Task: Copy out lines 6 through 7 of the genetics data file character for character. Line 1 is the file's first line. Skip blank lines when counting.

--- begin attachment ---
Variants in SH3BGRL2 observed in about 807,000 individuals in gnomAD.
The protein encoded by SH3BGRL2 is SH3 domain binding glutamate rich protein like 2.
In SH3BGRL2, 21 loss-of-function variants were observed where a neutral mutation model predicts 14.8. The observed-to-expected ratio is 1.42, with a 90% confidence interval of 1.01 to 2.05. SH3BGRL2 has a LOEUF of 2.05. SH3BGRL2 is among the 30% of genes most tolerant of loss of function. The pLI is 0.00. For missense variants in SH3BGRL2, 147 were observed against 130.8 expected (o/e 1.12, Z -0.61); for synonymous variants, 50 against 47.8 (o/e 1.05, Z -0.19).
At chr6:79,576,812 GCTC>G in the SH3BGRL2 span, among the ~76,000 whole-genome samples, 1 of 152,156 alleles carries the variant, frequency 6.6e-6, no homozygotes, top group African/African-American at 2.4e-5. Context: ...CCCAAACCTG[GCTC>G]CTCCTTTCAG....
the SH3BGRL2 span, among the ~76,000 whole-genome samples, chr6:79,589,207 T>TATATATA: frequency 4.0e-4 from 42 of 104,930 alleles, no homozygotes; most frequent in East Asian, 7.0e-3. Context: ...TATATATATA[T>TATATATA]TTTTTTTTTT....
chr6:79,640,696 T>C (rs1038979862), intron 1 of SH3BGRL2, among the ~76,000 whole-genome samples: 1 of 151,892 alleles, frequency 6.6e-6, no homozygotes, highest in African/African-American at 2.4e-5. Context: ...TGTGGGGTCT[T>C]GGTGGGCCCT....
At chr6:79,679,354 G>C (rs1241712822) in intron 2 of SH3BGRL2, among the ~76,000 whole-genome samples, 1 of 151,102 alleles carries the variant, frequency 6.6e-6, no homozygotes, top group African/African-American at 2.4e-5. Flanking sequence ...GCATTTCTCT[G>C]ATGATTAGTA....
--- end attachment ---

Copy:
chr6:79,640,696 T>C (rs1038979862), intron 1 of SH3BGRL2, among the ~76,000 whole-genome samples: 1 of 151,892 alleles, frequency 6.6e-6, no homozygotes, highest in African/African-American at 2.4e-5. Context: ...TGTGGGGTCT[T>C]GGTGGGCCCT....
At chr6:79,679,354 G>C (rs1241712822) in intron 2 of SH3BGRL2, among the ~76,000 whole-genome samples, 1 of 151,102 alleles carries the variant, frequency 6.6e-6, no homozygotes, top group African/African-American at 2.4e-5. Flanking sequence ...GCATTTCTCT[G>C]ATGATTAGTA....